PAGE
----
University education is contributing to geographical inequality across the UK, according to a new report published by a leading economic think tank today.
Higher education allows graduates to move to London and other cities that offer better career prospects, shows research by the Institute for Fiscal Studies.
By the age of 27, graduates are 10 percentage points more likely to have moved away from where they grew up compared to people who did not go to university.
Career opportunities tend to be more scarce in less urban areas due to these places having a thinner business population. Graduates often leave these areas in search to secure higher earnings elsewhere.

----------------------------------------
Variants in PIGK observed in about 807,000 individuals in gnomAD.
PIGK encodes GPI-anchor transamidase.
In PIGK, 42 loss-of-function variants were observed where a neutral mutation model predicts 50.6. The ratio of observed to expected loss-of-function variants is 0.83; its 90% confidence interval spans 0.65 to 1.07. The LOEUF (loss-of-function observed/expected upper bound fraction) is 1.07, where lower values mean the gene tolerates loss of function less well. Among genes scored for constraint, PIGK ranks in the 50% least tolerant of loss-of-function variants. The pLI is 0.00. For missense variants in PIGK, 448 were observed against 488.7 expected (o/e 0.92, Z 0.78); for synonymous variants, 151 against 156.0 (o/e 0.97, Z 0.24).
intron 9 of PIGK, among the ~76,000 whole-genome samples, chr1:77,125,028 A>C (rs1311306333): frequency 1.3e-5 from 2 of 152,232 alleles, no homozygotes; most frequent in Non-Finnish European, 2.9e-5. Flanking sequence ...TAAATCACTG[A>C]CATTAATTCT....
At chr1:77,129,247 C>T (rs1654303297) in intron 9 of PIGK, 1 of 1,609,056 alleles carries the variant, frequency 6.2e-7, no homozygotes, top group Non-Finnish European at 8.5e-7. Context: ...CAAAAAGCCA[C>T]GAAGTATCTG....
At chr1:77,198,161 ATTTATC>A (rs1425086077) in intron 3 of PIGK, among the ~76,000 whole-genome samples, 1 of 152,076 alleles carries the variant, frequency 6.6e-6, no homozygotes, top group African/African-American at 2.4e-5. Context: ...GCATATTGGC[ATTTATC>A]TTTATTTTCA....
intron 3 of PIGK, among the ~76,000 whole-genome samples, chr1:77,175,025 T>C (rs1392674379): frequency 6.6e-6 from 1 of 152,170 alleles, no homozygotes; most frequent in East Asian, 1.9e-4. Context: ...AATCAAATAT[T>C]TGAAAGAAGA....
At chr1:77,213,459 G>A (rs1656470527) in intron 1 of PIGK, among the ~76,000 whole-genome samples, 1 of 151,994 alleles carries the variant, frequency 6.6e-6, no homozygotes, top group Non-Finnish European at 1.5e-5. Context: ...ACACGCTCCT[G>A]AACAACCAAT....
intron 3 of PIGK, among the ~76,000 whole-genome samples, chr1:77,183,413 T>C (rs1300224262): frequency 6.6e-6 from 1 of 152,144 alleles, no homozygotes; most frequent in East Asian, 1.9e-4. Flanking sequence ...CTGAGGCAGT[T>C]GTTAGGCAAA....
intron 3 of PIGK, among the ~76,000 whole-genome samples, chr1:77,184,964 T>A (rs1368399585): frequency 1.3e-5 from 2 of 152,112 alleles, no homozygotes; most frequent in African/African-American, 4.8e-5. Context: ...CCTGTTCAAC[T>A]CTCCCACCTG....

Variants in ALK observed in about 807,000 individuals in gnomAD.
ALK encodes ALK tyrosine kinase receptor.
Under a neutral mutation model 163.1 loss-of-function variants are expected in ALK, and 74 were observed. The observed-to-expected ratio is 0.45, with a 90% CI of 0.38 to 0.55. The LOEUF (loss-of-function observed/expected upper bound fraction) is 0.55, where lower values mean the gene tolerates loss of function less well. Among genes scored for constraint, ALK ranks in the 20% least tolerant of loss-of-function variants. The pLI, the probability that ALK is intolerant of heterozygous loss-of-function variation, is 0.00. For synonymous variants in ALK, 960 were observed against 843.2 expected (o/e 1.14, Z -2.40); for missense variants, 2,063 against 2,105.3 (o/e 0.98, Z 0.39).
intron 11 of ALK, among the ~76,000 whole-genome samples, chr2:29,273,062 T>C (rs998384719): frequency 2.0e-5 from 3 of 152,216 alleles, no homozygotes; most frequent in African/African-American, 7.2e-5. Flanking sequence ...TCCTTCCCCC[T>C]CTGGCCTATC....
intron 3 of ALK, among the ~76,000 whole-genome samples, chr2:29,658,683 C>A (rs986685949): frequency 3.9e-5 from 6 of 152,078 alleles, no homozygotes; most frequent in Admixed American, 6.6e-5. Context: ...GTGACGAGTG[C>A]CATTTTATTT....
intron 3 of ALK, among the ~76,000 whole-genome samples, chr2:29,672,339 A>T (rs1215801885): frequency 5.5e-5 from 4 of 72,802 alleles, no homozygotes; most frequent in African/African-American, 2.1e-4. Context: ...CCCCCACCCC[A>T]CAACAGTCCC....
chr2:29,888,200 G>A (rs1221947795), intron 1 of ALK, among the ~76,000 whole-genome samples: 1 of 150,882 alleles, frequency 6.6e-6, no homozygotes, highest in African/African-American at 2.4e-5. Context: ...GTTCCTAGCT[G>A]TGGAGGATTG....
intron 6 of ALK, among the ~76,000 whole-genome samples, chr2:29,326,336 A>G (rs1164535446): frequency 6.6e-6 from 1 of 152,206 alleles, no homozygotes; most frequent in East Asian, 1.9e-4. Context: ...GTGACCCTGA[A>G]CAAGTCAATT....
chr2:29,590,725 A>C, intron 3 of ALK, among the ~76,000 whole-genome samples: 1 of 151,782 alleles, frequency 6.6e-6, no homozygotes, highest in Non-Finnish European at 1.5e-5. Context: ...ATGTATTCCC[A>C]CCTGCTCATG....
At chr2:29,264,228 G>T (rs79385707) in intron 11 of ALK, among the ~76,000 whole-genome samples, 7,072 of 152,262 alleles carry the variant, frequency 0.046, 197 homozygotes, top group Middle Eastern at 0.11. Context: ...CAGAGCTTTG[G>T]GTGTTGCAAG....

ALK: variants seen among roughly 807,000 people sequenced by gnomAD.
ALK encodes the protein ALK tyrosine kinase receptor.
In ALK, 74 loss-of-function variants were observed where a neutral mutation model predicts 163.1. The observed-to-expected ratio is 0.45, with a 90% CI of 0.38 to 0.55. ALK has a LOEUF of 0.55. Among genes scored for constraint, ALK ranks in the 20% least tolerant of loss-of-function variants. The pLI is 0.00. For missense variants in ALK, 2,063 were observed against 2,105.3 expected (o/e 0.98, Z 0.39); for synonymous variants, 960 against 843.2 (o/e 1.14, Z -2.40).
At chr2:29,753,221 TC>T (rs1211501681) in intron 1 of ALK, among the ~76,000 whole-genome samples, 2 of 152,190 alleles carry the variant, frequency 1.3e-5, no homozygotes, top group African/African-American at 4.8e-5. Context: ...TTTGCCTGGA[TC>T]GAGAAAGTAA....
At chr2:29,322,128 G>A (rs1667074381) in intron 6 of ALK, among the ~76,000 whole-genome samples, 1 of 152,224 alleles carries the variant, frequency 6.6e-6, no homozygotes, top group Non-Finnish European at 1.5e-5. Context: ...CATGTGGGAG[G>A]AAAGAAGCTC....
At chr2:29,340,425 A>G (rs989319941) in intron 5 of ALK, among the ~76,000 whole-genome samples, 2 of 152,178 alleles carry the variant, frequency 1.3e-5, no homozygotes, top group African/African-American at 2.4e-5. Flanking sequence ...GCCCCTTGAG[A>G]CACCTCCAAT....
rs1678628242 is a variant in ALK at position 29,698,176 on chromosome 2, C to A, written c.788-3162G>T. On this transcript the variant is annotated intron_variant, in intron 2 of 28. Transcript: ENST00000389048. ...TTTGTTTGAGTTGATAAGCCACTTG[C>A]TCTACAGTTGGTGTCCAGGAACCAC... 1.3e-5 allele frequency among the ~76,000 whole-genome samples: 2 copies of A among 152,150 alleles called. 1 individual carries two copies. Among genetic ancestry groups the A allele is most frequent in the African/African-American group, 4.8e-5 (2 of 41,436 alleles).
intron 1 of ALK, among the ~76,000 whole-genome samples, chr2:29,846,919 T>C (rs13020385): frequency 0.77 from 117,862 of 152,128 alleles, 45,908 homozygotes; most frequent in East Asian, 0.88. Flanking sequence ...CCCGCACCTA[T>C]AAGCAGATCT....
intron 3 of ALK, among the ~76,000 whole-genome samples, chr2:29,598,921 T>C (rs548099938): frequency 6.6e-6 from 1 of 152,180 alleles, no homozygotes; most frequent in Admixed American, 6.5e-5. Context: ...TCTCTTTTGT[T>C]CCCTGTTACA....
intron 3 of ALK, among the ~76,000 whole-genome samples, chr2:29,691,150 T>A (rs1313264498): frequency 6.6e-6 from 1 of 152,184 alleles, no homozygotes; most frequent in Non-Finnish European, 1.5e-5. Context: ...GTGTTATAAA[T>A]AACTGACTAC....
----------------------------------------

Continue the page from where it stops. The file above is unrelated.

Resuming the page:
A flight of graduates to cities causes a so-called brain drain – where highly skilled and productive leave local communities, hindering economic prosperity – in coastal and northern areas, the IFS said. This brain drain leaves areas graduates have left behind much worse off.
Xiaowei Xu, a Senior Research Economist at the IFS and an author of the report, said: “In moving from more deprived areas to London and other cities, graduates improve their own career prospects, but this exacerbates geographical inequality in skills.”
“As well as ‘levelling up’ educational attainment across the country, policymakers should think about how to attract and retain talent in places that are currently less well-off.”
Areas with the highest rates of graduate flight include Northallerton, a market town in Yorkshire, and Grimsby, a fishing town in Lincolnshire.
London, Bristol and Brighton produce large numbers of graduates from their internal population, but also benefit from graduates from other areas moving there.